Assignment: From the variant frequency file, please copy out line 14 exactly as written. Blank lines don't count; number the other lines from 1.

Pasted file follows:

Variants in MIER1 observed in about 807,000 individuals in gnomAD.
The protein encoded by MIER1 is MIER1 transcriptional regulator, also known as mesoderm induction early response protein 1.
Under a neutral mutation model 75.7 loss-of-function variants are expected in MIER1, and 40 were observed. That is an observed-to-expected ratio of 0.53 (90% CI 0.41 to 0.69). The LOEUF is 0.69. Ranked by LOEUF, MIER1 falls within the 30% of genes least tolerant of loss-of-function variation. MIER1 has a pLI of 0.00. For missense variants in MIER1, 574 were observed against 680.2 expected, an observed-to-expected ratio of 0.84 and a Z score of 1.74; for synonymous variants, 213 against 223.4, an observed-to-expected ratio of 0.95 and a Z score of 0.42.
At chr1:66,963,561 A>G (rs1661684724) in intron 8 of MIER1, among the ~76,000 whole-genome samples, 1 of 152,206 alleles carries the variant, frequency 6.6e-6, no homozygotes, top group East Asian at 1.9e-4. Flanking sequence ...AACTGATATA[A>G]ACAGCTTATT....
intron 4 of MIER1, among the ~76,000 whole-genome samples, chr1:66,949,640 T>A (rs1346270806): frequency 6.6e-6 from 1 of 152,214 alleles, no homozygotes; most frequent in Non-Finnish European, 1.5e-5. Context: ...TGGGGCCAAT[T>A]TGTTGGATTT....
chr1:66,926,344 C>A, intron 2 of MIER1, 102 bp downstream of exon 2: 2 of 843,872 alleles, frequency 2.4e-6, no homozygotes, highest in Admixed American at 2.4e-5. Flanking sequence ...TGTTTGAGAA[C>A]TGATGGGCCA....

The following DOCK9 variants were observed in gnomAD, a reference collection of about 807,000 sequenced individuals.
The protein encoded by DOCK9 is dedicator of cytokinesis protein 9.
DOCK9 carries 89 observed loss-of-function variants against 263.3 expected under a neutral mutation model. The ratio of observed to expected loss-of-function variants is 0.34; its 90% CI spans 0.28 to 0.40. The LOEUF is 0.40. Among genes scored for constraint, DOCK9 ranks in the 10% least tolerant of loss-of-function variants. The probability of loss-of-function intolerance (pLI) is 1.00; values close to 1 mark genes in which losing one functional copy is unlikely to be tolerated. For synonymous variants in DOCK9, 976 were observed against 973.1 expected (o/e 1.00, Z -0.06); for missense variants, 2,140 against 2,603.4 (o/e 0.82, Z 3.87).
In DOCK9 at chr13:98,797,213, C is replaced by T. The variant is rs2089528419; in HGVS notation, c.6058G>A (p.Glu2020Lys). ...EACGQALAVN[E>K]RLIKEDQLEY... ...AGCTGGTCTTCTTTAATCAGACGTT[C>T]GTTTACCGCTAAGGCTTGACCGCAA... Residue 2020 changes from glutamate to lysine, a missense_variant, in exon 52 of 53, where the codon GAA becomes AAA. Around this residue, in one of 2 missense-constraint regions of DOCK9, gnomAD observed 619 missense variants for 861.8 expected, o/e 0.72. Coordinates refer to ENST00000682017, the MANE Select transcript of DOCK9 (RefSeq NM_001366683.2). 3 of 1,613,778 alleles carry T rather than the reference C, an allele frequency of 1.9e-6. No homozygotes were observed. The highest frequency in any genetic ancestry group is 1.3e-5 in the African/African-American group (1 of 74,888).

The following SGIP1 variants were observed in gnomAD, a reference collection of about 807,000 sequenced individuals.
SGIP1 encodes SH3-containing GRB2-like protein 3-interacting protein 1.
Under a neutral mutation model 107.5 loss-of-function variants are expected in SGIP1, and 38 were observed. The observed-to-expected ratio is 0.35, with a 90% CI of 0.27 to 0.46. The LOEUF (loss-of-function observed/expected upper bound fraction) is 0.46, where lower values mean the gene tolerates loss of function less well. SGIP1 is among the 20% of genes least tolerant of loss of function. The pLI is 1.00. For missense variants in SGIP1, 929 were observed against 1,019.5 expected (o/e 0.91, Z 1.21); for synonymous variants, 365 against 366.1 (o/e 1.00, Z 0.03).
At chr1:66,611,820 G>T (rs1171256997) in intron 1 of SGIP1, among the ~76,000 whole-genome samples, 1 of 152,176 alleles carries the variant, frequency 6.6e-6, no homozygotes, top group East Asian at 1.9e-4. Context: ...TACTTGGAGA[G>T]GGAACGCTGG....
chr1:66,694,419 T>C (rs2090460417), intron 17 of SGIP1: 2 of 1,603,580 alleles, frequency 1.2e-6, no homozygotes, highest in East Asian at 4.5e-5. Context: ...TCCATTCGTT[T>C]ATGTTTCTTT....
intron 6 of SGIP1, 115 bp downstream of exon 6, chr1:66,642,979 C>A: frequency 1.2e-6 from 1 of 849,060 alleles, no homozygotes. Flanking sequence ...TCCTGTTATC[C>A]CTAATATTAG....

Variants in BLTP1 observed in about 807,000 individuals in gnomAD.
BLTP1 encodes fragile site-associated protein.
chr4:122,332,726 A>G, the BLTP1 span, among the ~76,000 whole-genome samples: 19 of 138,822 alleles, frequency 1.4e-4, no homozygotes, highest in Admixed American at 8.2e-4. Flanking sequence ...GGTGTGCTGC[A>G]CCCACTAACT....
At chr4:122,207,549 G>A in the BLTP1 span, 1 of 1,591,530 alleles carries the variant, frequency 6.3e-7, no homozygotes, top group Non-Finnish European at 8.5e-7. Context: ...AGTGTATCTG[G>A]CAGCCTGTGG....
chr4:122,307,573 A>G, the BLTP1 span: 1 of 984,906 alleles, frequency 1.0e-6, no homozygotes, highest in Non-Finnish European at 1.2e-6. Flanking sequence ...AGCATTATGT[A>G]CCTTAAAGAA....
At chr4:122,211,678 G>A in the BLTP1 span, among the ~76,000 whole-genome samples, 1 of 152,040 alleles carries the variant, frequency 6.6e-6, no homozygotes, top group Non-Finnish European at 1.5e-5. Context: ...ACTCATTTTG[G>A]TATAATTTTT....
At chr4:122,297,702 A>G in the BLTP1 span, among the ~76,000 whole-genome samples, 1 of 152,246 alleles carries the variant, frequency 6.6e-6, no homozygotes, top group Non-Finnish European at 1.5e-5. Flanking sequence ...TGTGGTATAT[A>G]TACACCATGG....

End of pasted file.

At chr1:66,611,820 G>T (rs1171256997) in intron 1 of SGIP1, among the ~76,000 whole-genome samples, 1 of 152,176 alleles carries the variant, frequency 6.6e-6, no homozygotes, top group East Asian at 1.9e-4. Context: ...TACTTGGAGA[G>T]GGAACGCTGG....